“Peace comes from being able to contribute the best that we have, and all that we are, toward creating a world that supports everyone. But it is also securing the space for others to contribute the best that they have and all that they are.”
I love the second sentence of that quote. I keep reading it over and thinking of ways that we do, and don’t, secure space for others to contribute. Either way, it can take just a small act to do either. See if any of these ring true (and when I say ‘you’ in this essay, I don’t mean YOU, fine reader–it just makes for a smoother read than the impersonal “one”):
NOT securing space for others to contribute the best that they have and all that * pick an -ism. Sexism, racism, age-ism, class-ism, partisan-ism. ANY sentence that begins, “I’m not prejudiced, but….”
* stealing the credit for someone else’s idea at work or school.
* allowing competitiveness to overshadow your efforts or those of others. The end doesn’t always justify the means, especially if the “end” you’re aiming for is attention/praise/accolades for yourself.
* dominating class discussions, dinner table conversations, happy hour banter, and meetings with your own discourse while no one else can get a word in and be heard.
* wondering why all those earthquake victims have to come to “our” country.
* name-calling and put-downs of any kind.
Looking back on what I just typed, I see that the above examples would actually be detrimental to both parts of the opening quote–anyone who’s perpetrating any of the above is sabotaging self as well as others’ abilities to contribute the best that they have. Just goes to prove: what you do for others, you do for yourself as well. What you do TO others, same story. If you stomp on others to get to your perceived “top,” whatever that may be, being on top will be pretty bleak (and no doubt very lonely) indeed.
So. How can we contribute the best that we have toward creating a world that supports everyone? And how can we secure space for others to do the same?
* whatever your project, encourage your teammates, celebrate their contributions, and share the glory.
* if you stop actively SEEKING approval, you’ll actually get it. “Hey, look at me, look what I did!” only annoys people and makes others feel small. Just do your thing without the headlines and you’ll be surprised at the coolness that comes your way.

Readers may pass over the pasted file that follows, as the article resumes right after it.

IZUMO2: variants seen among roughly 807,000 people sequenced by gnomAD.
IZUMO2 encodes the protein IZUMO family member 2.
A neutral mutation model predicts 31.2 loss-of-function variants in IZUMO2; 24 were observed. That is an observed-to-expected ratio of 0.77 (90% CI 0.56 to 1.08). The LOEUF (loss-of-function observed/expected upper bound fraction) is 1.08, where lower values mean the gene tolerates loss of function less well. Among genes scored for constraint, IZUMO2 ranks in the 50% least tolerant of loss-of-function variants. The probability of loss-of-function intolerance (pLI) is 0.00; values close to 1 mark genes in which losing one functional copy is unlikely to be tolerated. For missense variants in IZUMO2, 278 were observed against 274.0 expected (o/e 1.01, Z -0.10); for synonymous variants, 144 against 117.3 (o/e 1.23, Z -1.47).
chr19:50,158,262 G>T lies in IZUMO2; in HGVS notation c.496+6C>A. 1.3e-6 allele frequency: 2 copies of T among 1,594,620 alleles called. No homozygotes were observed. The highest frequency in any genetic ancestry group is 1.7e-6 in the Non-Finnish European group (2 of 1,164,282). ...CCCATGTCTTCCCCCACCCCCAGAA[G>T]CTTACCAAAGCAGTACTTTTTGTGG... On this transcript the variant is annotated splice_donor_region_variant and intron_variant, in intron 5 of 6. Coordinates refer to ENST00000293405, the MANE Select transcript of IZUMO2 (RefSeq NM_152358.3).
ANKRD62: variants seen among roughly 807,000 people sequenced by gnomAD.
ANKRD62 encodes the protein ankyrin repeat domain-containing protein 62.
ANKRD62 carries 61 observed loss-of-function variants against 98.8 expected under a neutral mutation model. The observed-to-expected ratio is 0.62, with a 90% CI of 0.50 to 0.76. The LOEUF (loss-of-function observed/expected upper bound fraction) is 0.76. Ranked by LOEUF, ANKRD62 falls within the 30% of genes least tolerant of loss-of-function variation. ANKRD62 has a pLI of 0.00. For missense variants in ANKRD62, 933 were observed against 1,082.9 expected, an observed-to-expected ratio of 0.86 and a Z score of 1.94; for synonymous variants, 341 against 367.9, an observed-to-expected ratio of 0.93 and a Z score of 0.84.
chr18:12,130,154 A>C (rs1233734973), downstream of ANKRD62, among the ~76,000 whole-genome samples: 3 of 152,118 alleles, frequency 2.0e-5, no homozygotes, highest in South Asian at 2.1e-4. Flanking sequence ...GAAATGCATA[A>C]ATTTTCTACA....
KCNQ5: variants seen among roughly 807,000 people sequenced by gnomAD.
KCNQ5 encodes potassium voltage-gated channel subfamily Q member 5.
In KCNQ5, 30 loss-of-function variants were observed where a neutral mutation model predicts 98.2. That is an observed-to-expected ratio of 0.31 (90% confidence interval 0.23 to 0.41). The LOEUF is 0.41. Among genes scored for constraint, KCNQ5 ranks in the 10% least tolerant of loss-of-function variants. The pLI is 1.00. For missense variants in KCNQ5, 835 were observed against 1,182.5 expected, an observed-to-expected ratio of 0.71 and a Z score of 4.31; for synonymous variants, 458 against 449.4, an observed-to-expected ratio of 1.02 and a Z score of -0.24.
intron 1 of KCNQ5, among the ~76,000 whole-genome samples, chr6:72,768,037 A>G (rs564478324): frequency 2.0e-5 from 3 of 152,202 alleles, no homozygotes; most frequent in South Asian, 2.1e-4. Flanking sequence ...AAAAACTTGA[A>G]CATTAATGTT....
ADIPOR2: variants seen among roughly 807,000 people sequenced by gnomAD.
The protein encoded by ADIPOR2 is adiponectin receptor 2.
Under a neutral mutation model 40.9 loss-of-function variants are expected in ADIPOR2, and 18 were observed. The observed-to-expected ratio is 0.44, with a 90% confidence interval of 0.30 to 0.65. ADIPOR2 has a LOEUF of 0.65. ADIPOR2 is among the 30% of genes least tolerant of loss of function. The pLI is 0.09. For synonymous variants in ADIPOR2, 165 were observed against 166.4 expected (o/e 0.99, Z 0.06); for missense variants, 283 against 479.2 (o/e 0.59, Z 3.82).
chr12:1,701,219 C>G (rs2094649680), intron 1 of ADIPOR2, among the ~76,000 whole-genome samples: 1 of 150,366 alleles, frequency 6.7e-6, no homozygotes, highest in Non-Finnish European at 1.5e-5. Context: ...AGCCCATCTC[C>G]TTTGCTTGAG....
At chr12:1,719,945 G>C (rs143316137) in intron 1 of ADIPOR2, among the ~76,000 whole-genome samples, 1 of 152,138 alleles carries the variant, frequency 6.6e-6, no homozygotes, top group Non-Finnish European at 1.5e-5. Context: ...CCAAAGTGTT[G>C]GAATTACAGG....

* give sincere compliments to everyone you can. It doesn’t leech anything from your own worth to lift someone up.
* it also takes nothing from your personal greatness when someone else succeeds. It’s really liberating when you allow yourself to take joy in someone’s good news.
* stop talking and LISTEN. Everyone wants to be heard. You’ll make someone’s day, and learn something as well.
* step aside and let someone new lead. Allow others the opportunity to grow and flourish.
* speak up when someone says something unkind or cruel or “ism-ish.”
* whatever your “aisle” may be, reach across it. Smiling.
* behave as if you realize that we are ALL part of the Human Community. Then–realize it as the truth.
We need a world that supports EVERYONE. We can make it happen. Doing whatever we can (each of us), whether by small local acts or sweeping global reforms, will make it so.
3 thoughts on “A World that Supports Everyone”
If we could only center our minds around the LOVE of God without the attachments of doctrine, fear, prejudice, greed, selfishness, pride, badges and swords of “I’m correct,” then we would unhamper the flow of LOVE through the world. Those scales will have to fall from our eyes for us to see the face of LOVE.
Beautiful words from a beautiful woman. Thanks Bekki.
“* it also takes nothing from your personal greatness when someone else succeeds. It’s really liberating when you allow yourself to take joy in someone’s good news.”
I really needed to read this right now. Thank you! 🙂